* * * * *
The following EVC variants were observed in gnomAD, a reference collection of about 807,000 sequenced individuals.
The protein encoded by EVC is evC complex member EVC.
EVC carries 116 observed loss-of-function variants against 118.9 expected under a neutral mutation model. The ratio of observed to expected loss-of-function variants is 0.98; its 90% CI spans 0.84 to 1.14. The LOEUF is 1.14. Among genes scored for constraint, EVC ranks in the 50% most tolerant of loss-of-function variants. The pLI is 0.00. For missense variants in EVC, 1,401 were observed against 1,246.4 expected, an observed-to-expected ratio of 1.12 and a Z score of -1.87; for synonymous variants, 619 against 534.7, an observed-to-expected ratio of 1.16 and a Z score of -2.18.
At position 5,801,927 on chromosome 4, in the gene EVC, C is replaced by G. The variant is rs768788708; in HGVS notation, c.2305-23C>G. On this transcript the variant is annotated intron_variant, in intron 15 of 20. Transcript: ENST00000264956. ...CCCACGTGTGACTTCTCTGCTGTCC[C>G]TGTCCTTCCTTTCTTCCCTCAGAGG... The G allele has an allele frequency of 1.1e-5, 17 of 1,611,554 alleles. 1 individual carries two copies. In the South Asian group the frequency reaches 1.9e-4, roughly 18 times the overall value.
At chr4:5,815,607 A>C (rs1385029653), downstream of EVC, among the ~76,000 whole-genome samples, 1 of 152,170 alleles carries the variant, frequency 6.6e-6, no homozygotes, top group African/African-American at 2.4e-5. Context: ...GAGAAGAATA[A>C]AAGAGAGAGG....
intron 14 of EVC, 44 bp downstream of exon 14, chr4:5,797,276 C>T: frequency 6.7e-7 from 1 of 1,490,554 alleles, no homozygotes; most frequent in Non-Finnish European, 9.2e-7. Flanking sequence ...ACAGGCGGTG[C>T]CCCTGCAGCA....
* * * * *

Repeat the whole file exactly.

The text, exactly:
The following EVC variants were observed in gnomAD, a reference collection of about 807,000 sequenced individuals.
The protein encoded by EVC is evC complex member EVC.
EVC carries 116 observed loss-of-function variants against 118.9 expected under a neutral mutation model. The ratio of observed to expected loss-of-function variants is 0.98; its 90% CI spans 0.84 to 1.14. The LOEUF is 1.14. Among genes scored for constraint, EVC ranks in the 50% most tolerant of loss-of-function variants. The pLI is 0.00. For missense variants in EVC, 1,401 were observed against 1,246.4 expected, an observed-to-expected ratio of 1.12 and a Z score of -1.87; for synonymous variants, 619 against 534.7, an observed-to-expected ratio of 1.16 and a Z score of -2.18.
At position 5,801,927 on chromosome 4, in the gene EVC, C is replaced by G. The variant is rs768788708; in HGVS notation, c.2305-23C>G. On this transcript the variant is annotated intron_variant, in intron 15 of 20. Transcript: ENST00000264956. ...CCCACGTGTGACTTCTCTGCTGTCC[C>G]TGTCCTTCCTTTCTTCCCTCAGAGG... The G allele has an allele frequency of 1.1e-5, 17 of 1,611,554 alleles. 1 individual carries two copies. In the South Asian group the frequency reaches 1.9e-4, roughly 18 times the overall value.
At chr4:5,815,607 A>C (rs1385029653), downstream of EVC, among the ~76,000 whole-genome samples, 1 of 152,170 alleles carries the variant, frequency 6.6e-6, no homozygotes, top group African/African-American at 2.4e-5. Context: ...GAGAAGAATA[A>C]AAGAGAGAGG....
intron 14 of EVC, 44 bp downstream of exon 14, chr4:5,797,276 C>T: frequency 6.7e-7 from 1 of 1,490,554 alleles, no homozygotes; most frequent in Non-Finnish European, 9.2e-7. Flanking sequence ...ACAGGCGGTG[C>T]CCCTGCAGCA....